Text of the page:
“’Well,’ said he, ‘I was up in that county about that time and got out of there as quick as I could, as some of the old miners were talking about eating me up.’
“As he said that I just grabbed hold of his hand, and said I: “’This is Pete, the sailor boy, isn’t it?’
“’Yes,’ he answered, ‘but who are you?’
“’Don’t you remember Yank?’ I asked; ‘one of those old miners who were going to make a breakfast off of you?’
“Well, boys, he did remember me now, you bet.
“’Mine gracious, is this Yank? Well ! well ! now come down into mine cabin.’
“After we had both recovered a little from our astonishment, and I had explained how we had hunted for him for several days among the hills and cañons, he told me how he had managed to find his way out of the mountains, after remaining up in a tree for more than two days to get away from a big grizzly which he thought must have been some relation to us old miners, some way, for the brute seemed determined to eat him up, anyhow.
“’But,’ said he, ‘the bear got tired and hungry waiting for me to come down and finally went away, and then I came down and
made tracks for San Francisco pooty quick, and don’t want to go out prospecting any more at all.”
Yank continued by asking if any of them remembered the chap they called “Razor Bill.”
“Oh, yis,” Mike answered, “indade I remember him well whin he wurruked down near Angel’s camp, an’ whin he wurruked up at Poverty Point, near Hangtown, an’ he made a good dale ov money too, but, begorra, he wasn’t the b’y to save it. I see him play cards with that same chap they called ‘Lucky Bill,’ an’ he lost more than $800 at the game.”
“Well, said Yank, “I saw him at the Bay. He is driving an express wagon, and says that he is doing a very good business. He is married now, and has five children.”
Tennessee remarked that any man who played the game of seven up with “Lucky Bill” was sure to leave his dust there, for he was one of the best card-players in California.
“Do you remember the time when he cleaned out them chaps from San Francisco?” resumed Tennessee. “Twas in August of ‘50, soon after his arrival in Hangtown from the East. These two chaps had heard of him, and that he had plenty of money, and they came up to clean him out. His house was crowded that evening by the boys who wanted to see the fun. It was agreed that one of these ‘Frisco chaps should play ten games, and then if luck was against him he should have the privilege of quitting the game if he wished, and the other one could take his place and play in the same manner. They brought (as was said) $11,000 with them, all in $50 slugs, which was piled upon the table, and an equal sum was placed alongside of Bill. Both piles were decorated in the usual manner, with a big revolver placed in a convenient position for an emergency. The play was for $1,000 a game, and I tell you ‘twas interesting to see them piles of slugs travel back and forth in a rapid manner from one side of the table to the other. But it was soon noticed that many of these stacks of slugs that had waltzd across to Lucky Bill’s side didn’t seem to be inclined to waltz back again. The consequence was that at the end of two hours they had played thirty-one games, and every slug was under the protection of Bill’s gun.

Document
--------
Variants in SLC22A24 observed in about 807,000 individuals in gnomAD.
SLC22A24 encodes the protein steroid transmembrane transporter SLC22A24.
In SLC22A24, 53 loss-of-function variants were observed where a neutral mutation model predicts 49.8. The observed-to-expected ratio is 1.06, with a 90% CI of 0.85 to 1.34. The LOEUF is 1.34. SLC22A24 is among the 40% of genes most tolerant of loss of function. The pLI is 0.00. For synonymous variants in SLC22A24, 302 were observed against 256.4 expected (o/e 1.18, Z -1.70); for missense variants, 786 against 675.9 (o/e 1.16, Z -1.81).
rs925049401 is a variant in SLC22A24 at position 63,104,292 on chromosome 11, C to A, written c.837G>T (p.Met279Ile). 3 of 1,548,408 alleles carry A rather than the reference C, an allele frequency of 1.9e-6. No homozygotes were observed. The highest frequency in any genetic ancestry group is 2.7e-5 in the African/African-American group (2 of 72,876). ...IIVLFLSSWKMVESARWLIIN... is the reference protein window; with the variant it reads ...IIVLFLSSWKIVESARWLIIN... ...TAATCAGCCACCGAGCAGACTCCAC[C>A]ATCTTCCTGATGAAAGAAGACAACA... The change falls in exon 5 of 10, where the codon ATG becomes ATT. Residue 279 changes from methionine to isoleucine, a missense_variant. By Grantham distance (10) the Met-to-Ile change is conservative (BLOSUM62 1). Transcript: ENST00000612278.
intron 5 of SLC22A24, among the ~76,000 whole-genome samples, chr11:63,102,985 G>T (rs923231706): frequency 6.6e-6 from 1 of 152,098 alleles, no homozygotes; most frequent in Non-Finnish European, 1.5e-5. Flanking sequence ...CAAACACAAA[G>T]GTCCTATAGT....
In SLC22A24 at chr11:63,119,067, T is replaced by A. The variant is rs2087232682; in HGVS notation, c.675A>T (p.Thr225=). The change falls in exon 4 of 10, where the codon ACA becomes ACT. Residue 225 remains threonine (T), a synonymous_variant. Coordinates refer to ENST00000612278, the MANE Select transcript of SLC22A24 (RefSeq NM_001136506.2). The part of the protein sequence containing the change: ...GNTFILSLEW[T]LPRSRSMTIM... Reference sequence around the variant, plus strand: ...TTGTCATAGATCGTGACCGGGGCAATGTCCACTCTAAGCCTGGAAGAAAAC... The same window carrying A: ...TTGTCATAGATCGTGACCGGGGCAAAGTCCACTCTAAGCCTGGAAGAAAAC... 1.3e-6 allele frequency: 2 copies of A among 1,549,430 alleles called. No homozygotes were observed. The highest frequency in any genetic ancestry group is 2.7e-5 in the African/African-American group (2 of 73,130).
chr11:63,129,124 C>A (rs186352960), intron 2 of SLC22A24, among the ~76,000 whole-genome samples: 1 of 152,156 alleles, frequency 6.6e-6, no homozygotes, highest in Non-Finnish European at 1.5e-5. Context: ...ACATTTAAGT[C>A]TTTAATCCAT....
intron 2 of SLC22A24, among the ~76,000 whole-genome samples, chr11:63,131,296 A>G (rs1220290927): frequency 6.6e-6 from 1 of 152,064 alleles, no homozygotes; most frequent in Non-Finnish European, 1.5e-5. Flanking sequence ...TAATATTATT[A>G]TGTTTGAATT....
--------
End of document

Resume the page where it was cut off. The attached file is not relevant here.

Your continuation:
“’Well,’ says one of the chaps, ‘that ends our game, for you have got it all.’
“Bill shoved a stack of slugs over to them, remarking: ‘There, boys, take that to pay your expenses.’
“’No, no; not a cent,’ one of them replied, ‘it is all yours, for you have played a straight square game, and we will not take a dollar of it.’”
Some one enquired of Jersey if he knew what ever became of Pete, the boss liar of the Yuba? As the boys called him; Jersey replied that he was killed by a bear up in Plumas County sometime in ‘54. Pete and two others were prospecting in a ravine one day, when a big grizzly came upon them from the brush; his pardners got away by climbing up a steep hill and went for assistance, but Pete had been caved upon a short time before and couldn’t run, so he and the bear had the whole circus to themselves for a while; they rescued him but ‘twas too late, he was torn all to pieces. But he was true to his colors to the last, for after they had taken him to his cabin to die, almost his last words were, “well boys, I got away with one of ‘em any how, and if I’d only had a fair show I’d ‘er cleaned ‘em both out” but when told that there was but one bear there, he answered: “Oh, yes, ther was, for didn’t yer notice lots of hair and bear’s grease scattered about on ther rocks?” the boys said